Turkish officials estimate about 2,000 PKK fighters are holed up in the mountains of northern Iraq, where they allegedly enjoy free movement and obtain weapons and explosives for attacks in Turkey.
Ankara has often accused Iraqi Kurds, who run the autonomous region, of tolerating and even aiding the rebels, but Abdullah Gul, the Turkish president, said on Saturday that the government would pursue dialogue with Iraqi Kurds to resolve the problem.
The Turkish parliament on Wednesday extended by one year the government's mandate to order cross-border military operations in northern Iraq against the PKK, which has long enjoyed safe haven in the region.
Just as the legislators voted, a police bus was machinegunned in Diyarbakir, the largest city in the predominately Kurdish southeast, claiming five lives.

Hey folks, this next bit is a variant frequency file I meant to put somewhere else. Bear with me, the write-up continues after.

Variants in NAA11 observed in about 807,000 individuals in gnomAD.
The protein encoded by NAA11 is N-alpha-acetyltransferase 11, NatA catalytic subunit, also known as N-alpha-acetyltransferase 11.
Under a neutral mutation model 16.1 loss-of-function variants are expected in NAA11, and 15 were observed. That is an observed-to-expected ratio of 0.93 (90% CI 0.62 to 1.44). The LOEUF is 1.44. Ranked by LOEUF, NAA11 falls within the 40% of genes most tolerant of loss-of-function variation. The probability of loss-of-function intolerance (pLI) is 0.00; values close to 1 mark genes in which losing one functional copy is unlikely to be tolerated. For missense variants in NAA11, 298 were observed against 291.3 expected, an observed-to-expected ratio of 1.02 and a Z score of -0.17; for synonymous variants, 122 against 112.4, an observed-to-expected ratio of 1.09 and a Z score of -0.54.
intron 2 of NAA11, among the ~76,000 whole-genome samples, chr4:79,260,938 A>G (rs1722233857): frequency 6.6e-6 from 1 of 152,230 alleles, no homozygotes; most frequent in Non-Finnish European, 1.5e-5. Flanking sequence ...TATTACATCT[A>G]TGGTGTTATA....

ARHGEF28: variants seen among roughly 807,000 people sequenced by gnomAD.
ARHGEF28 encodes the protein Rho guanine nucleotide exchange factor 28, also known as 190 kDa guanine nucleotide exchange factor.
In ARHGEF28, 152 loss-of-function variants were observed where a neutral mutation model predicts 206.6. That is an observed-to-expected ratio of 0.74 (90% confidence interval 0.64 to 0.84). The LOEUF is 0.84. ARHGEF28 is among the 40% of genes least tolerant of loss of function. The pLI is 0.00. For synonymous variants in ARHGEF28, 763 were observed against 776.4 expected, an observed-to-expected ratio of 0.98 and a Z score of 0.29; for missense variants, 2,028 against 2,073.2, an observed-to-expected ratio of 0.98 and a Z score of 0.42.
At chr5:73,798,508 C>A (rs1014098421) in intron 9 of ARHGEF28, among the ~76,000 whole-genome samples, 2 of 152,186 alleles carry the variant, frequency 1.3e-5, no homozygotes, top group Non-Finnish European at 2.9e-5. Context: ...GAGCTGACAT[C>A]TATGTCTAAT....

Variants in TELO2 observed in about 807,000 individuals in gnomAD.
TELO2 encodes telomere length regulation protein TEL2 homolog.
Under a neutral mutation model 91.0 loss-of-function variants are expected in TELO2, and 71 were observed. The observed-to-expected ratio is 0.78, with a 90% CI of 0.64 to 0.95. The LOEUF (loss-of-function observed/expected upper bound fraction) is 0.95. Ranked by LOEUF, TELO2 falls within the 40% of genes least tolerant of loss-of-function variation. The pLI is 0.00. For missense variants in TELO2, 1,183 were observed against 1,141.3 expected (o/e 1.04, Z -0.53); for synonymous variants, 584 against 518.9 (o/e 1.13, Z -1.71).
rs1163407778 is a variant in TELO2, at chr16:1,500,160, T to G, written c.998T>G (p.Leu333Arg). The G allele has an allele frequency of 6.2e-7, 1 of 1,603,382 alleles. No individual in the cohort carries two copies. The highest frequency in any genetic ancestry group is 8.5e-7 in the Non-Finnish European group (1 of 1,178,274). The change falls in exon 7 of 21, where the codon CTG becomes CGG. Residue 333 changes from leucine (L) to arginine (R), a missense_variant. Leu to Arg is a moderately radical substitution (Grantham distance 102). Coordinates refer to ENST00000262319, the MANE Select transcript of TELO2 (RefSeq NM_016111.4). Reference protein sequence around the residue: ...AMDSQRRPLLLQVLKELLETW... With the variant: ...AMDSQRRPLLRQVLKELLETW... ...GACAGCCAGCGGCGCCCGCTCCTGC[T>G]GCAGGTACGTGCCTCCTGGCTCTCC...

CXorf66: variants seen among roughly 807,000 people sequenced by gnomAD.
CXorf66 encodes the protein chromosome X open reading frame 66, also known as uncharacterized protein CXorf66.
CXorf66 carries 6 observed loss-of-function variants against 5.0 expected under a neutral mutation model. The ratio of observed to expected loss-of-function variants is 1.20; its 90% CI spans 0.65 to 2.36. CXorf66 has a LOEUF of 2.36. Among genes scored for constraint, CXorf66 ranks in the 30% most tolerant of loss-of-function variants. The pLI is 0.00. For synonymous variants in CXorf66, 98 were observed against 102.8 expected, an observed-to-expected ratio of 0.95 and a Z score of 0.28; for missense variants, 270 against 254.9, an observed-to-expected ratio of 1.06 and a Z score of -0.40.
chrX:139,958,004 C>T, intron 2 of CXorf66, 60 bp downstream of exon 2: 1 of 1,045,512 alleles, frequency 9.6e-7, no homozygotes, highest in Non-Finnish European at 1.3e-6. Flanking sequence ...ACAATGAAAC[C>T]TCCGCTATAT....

The PKK claimed responsibility on Sunday for the attack, saying in a statement on its website that it was a "successful action" by its fighters.
The police have detained nine people in connection with the incident, among them three alleged PKK members believed to have taken part in the attack.
Separately, officials said a probable suicide attack was foiled on Saturday after the police arrested an alleged Kurdish fighter carrying explosives in downtown Istanbul, Turkey's largest city.
The suspect - a woman in her 30s who was faking pregnancy - carried 8.8kg of explosives and detonators.
The PKK, listed as a terrorist group by Ankara and much of the international community, took up arms for Kurdish self-rule in the southeast in 1984, sparking a conflict that has claimed about 44,000 lives.